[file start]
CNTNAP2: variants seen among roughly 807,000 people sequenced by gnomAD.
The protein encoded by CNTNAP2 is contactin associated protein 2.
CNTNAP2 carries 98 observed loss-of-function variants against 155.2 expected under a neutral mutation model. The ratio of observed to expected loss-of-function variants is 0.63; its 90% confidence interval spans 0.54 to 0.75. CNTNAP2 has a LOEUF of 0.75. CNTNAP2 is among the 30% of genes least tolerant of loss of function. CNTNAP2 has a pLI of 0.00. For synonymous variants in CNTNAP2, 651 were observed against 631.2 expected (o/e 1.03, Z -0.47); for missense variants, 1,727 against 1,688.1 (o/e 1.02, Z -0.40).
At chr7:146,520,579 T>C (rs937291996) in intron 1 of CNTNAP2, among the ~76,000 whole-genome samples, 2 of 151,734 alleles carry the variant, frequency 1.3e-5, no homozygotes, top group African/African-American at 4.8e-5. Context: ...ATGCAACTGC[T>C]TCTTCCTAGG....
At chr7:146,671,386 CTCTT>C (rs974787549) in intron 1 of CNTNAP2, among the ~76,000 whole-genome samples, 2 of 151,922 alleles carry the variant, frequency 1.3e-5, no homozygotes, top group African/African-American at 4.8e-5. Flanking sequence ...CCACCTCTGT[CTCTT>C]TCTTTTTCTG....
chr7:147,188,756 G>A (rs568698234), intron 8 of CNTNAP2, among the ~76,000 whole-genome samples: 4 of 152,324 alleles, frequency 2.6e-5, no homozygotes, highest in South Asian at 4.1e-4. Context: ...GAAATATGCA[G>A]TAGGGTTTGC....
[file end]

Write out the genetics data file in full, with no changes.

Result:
CNTNAP2: variants seen among roughly 807,000 people sequenced by gnomAD.
The protein encoded by CNTNAP2 is contactin associated protein 2.
CNTNAP2 carries 98 observed loss-of-function variants against 155.2 expected under a neutral mutation model. The ratio of observed to expected loss-of-function variants is 0.63; its 90% confidence interval spans 0.54 to 0.75. CNTNAP2 has a LOEUF of 0.75. CNTNAP2 is among the 30% of genes least tolerant of loss of function. CNTNAP2 has a pLI of 0.00. For synonymous variants in CNTNAP2, 651 were observed against 631.2 expected (o/e 1.03, Z -0.47); for missense variants, 1,727 against 1,688.1 (o/e 1.02, Z -0.40).
At chr7:146,520,579 T>C (rs937291996) in intron 1 of CNTNAP2, among the ~76,000 whole-genome samples, 2 of 151,734 alleles carry the variant, frequency 1.3e-5, no homozygotes, top group African/African-American at 4.8e-5. Context: ...ATGCAACTGC[T>C]TCTTCCTAGG....
At chr7:146,671,386 CTCTT>C (rs974787549) in intron 1 of CNTNAP2, among the ~76,000 whole-genome samples, 2 of 151,922 alleles carry the variant, frequency 1.3e-5, no homozygotes, top group African/African-American at 4.8e-5. Flanking sequence ...CCACCTCTGT[CTCTT>C]TCTTTTTCTG....
chr7:147,188,756 G>A (rs568698234), intron 8 of CNTNAP2, among the ~76,000 whole-genome samples: 4 of 152,324 alleles, frequency 2.6e-5, no homozygotes, highest in South Asian at 4.1e-4. Context: ...GAAATATGCA[G>A]TAGGGTTTGC....